U.S. EPA Contaminated Site Cleanup Information (CLU-IN)


U.S. Environmental Protection Agency
U.S. EPA Technology Innovation and Field Services Division

Fractured Bedrock Project Profiles

Last Updated: December 10, 2007

Point of Contact:
Jeff Orient
661 Andersen Drive, Foster Plaza 7
Pittsburgh PA 15220 
Tel: 412-921-8778 
Email: Jeff.orient@
tetratech.com

Former Naval Air Warfare Center
Philadelphia, PA


Hydrogeology:

Below the site lies the Triassic age Stockton Formation. This formation consists of arkosic sandstone units that alternate with finer grained mudstone units. Depositional environments include alluvial fan, fluvial, lacustrine, and near-shore lacustrine. Ground water flows primarily through coarse-grained unit fractures with semi-confining units made up of the softer mudstones. Fine-grained lithologic units and coarse-grained units within the larger depositional sequences are found below the site. Bedrock units strike N72E and dip approximately 6 to 7 to the north-northeast.

Targeted Environmental Media:
  • - Dense Non-aqueous Phase Liquids (DNAPLs)
  • - Fractured Bedrock

Contaminants:

Major Contaminants and Maximum Concentrations:
  • - Trichloroethene (Not provided)

Site Characterization Technologies:

  • - Borehole Geophysics
    • Single Point Resistance
    • Natural Gamma
    • Caliper
  • - Fluid Loggings
    • Temperature
    • Conductivity/Resistivity
  • - Flow
    • Heat Pulse Flowmeter

Remedial Technologies:

  • - Pump and Treat
  • - Other (Waste and contaminated soils from the site were excavated and disposed.)
Comments:
The design pumping rate was 54 gallons per minute (gpm) and the average pumping rate was approximately 50 gpm. Currently, 12 extraction wells are operating at the site. An air stripping and carbon polishing treatment system was also constructed to treat contaminated ground water.
Remediation Goals:

Objectives of the pump and treat system were source area containment and contaminant mass removal.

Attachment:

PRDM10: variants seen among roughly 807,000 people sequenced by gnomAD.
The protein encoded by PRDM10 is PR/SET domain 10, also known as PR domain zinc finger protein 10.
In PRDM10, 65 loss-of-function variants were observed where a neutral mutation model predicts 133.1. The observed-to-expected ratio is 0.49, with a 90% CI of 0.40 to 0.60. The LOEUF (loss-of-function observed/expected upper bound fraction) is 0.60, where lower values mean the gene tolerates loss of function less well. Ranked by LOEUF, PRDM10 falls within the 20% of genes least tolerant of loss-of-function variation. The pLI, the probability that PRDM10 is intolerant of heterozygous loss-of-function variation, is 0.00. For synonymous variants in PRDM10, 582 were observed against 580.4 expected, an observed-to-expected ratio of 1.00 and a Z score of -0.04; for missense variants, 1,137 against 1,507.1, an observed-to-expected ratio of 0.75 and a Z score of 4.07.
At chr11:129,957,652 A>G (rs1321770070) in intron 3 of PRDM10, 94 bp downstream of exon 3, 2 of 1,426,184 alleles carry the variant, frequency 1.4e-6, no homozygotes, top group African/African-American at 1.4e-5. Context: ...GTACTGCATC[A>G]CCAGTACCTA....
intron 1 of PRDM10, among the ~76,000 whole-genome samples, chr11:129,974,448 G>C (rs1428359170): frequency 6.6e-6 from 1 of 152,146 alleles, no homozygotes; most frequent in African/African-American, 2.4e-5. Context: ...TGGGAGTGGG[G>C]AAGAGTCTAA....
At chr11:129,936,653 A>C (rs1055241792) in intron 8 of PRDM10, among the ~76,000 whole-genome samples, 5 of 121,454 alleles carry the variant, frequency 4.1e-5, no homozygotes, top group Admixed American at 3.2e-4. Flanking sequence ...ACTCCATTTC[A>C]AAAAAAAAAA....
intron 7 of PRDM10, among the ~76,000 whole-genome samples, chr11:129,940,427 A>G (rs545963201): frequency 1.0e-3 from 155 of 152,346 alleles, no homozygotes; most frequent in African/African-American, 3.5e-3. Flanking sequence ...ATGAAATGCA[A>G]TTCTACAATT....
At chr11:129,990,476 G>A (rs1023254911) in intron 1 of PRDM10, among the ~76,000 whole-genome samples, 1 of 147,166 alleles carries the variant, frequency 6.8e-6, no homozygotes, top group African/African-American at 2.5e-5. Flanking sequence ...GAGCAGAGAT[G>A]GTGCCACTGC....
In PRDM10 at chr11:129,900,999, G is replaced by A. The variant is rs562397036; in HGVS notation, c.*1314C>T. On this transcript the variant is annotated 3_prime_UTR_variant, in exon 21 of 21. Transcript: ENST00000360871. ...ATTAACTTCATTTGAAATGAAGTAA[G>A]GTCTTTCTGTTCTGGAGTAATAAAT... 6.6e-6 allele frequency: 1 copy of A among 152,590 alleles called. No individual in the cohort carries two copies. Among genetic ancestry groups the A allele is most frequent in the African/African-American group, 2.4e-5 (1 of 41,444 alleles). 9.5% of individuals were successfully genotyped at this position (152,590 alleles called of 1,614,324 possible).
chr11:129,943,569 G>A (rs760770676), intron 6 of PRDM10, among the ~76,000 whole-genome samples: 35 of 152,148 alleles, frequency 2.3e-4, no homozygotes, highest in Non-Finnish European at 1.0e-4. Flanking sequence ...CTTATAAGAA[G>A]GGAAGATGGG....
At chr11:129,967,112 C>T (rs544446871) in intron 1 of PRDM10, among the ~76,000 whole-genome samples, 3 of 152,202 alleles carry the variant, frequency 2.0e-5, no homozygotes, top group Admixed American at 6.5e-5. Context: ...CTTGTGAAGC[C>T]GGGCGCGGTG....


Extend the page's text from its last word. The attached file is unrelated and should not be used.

Status:

Ground water extraction began in 1999. Since then, contaminant concentrations have decreased within the source area and downgradient of the source area. The concentration of TCE within the source zone varies, however, levels within the most contaminated wells have shown concentration decreases of approximately two orders of magnitude. TCE concentrations downgradient of the extraction zone are slightly above the maximum contaminant level. Concentration decreases are less pronounced in the area further downgradient than the area immediately downgradient; however, off-site source contributions are being investigated.


Lessons Learned:

The two lowest producing wells had the highest concentrations of TCE, which remained elevated compared to other wells. This information leads to the belief that the DNAPL remains within the source area fractures and that not using low-yielding wells for extraction may not contribute to the overall goal.

References:
Orient, Jeff, Monaco, Lonnie, David, Kathryn, and Sloto Ronald A. Remediation of a Fractured Rock Aquifer Containing Trichloroethylene Dense Nonaqueous Phase Liquid. Presented at the 2007 U.S. EPA/NGWA Fractured Rock Conference: State of the Science and Measuring Success in Remediation. Portland, ME. September 24-26, 2007.

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For more information on Fractured Bedrock, please contact:

Ed Gilbert
Technology Assessment Branch

PH: (703) 603-8883 | Email: gilbert.edward@epa.gov